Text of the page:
[Oberon] Trivialising formality considered harmful

Alan Freed AlFreed at ohio.net
Thu Mar 16 03:02:48 CET 2006

On Wednesday 15 March 2006 05:27 pm, jan verhoeven wrote:
> Op Wednesday 15 March 2006 22:24 schreef August Karlstrom:
>  > there is really nothing wrong with e.g. ArcSinH (or even ASinH),
> I like the ArcSinH since the capitals draw attention to the places where
> the significant things occur. It doesn't look good in a classroom or
> thesis.

I feel I need to add my two cents here.  In my libraries (CAT for O2 
and later CAPO for BB and AO) I use the name ArcSinh :-)  If you're 
not familiar with these libraries, check them out.  They are on the 
ETH server somewhere.

>  > Basically, what I'm looking for is an actively developed free-standing
>  > open source (preferably cross platform) command line Oberon-2 compiler
>  > that comes with the Oakwood libraries.
> I think many more people are looking for that. Although most of the
> activity here is with respect to BlueBottle and the derivatives.
> I'm just a chemical engineer who got lost in programming. But I'm working
> on my m4m compiler: Modula for Microcontrollers. Since I lack a suitable
> background things take longer than I expected or hoped.
> Still, I learned a lot from the various forms of 'Compiler Construction'
> (by our Grand Master) and also the chapter about the compiler in 'Project
> Oberon' was very clarifying to me.
> These Oberon books have converted me. The project is still called m4m but
> it will be an Oberon compiler for microcontrollers. Oberon0 for starters. I
> hope to slowly extend the language to something resembling true Oberon in a
> few months after completion of the first m4m version. Continuous code
> refining, as our Grand Master calls it.
> As things look now, I want to have an m4m frontend that produces code for a
> virtual stackmachine, plus multiple backends that convert the stackmachine
> code to the target processors of my choice (Z80, GameBoy Color CPU, GameBoy
> Advance CPU, AVR Mega 16, Motorola 68K) and I will leave the PIC to other
> developers.
>  > I want to be able to write portable programs and I want to be able to
>  > choose freely between text editors (presently Emacs would be my choice).
> That rules out the XDS system.
>  > There is a standard for the Oberon-2 language, namely the reports "The
>  > Programming Language Oberon-2 (March 1995 ed.)" and "The Oakwood
>  > Guidelines for Oberon-2 Compiler Developers". The Oakwood guidelines and
>  > in particular the Oakwood libraries may not be perfect, but they allow
>  > developers and students to write portable programs.
> Good thinking.
>  > If a compiler writer who develops an Oberon-2 compiler called "ABC"
>  > wants to include some fancier versions of the basic modules, the natural
>  > names for those are "AbcStrings", "AbcFiles" and so on. The Oakwood
>  > modules shall not be renamed. If they are, the portability is lost. I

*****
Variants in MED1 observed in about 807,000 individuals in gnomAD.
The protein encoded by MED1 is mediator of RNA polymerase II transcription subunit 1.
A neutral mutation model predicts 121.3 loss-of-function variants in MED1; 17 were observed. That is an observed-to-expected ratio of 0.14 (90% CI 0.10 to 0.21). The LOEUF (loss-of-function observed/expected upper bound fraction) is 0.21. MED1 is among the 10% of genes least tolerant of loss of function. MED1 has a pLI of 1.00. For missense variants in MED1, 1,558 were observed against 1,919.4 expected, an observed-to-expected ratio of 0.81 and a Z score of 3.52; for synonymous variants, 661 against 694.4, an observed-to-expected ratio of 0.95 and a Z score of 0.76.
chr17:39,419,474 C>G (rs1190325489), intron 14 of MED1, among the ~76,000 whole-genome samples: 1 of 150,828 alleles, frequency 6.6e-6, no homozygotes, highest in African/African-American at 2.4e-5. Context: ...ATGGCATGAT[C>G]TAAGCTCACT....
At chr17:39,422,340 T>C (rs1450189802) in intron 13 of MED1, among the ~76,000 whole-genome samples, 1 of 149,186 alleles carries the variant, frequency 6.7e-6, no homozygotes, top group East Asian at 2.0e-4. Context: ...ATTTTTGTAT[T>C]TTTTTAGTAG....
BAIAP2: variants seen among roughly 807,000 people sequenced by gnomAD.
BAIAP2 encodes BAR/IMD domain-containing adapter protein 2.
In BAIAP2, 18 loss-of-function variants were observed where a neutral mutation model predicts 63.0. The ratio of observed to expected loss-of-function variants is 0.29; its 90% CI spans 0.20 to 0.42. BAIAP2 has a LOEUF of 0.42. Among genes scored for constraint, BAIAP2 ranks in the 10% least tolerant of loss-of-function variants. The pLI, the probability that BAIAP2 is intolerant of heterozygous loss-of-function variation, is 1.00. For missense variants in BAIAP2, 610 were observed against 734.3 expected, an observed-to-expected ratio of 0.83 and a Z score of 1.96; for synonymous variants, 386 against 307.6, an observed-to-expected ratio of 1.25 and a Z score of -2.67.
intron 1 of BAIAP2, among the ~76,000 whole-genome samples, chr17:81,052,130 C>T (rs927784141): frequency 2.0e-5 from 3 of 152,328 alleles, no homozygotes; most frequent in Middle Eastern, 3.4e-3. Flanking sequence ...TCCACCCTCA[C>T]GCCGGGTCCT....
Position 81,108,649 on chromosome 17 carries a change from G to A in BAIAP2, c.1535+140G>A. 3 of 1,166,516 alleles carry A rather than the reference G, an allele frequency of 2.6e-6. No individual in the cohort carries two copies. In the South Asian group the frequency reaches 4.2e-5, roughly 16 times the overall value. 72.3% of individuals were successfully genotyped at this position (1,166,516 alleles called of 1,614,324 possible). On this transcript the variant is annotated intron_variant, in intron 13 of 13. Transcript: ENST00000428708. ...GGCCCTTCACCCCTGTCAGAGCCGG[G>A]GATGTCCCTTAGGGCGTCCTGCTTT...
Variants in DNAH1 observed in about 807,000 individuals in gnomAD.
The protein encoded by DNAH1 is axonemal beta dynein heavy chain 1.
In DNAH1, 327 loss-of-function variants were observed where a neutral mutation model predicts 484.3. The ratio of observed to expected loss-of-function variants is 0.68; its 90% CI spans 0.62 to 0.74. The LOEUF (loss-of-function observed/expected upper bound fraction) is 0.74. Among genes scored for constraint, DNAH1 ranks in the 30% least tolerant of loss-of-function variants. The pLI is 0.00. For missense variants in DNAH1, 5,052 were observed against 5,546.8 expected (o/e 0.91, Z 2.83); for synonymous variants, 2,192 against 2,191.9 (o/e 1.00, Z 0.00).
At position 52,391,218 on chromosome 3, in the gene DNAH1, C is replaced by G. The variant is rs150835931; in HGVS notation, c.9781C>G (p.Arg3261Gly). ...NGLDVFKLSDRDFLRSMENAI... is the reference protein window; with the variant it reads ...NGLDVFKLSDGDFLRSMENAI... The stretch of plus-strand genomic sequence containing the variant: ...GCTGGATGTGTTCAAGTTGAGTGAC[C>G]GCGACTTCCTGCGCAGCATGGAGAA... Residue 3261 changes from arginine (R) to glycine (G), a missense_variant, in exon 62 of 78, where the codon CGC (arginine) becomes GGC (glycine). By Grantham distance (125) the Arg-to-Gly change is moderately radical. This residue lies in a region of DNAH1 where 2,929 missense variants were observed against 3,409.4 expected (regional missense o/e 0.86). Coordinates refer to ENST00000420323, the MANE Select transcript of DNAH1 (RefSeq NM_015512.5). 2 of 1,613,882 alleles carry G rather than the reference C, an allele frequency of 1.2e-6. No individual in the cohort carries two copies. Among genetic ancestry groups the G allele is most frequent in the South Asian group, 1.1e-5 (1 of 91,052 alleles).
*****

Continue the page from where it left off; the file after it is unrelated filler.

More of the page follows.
>  > think I'm really stating the obvious here.
> The obvious is not always thought of in the first place. Remember the
> Einstein/Wirth motto: make it as simple as possible, but not simpler.
>  > It's perfectly OK to implement the extensions described in the Oakwood
>  > guidelines or some other extensions, but I think a special compiler
>  > flag/option should need to be used to compile a module that uses these
>  > extensions, e.g. "--with-oak-extensions" or "--with-abc-extensions".
> That's what made gcc into the current monstruous program it is. It's a good
> C compiler, but it's just too big with too many flags.
> Why not make two compilers? One true Oakwood compiler and one or more
> others which are better, at least according to their developers. Having a
> choice is always good.
>  > Anyway, Oberon-2 is an excellent design as it is. Let's use it!
>  > Personally I don't need additional experimental features. I would like
>  > Oberon to be (as least) as portable as C.
> Here's a quote from Dennis Ritchie that I dug up lately:
> [Dennis]
>   C has been characterized (both admiringly and invidiously) as a portable
>   assembly language, and C++ tries to lift its level to object orientation
>   and a more abstract approach to programming.
>   The faults of both (in recently emerging standards) seem to be excessive
>   ornamentation and accumulation of gadgetry. They both have a certain
>   spirit of pragmatism, of trying to understand what's really needed.
> URL: http://www.linuxfocus.org/English/July1999/article79.html
> C and C++ are too big! Lean is better.
>  > I want to be able to recommend the Oberon programming language to others
>  > and I want them to be able (or even encourage them) to write portable
>  > programs.
> Which brings me back to another topic: it's apity that the great Oberon
> books are out of print.
> Although you still can get one at http://www.mediasell.de.
> But the ACM book is only available as a PDF file.

Alan D. Freed, PhD               AlFreed at ohio.net
Bio Sciece & Technology          Alan.D.Freed at nasa.gov
NASA Glenn Research Center
Dept. Biomedical Engineering     FreedA at ccf.org
The Cleveland Clinic
The opinions expressed are my own and do not reflect
those of either NASA or the Cleveland Clinic.

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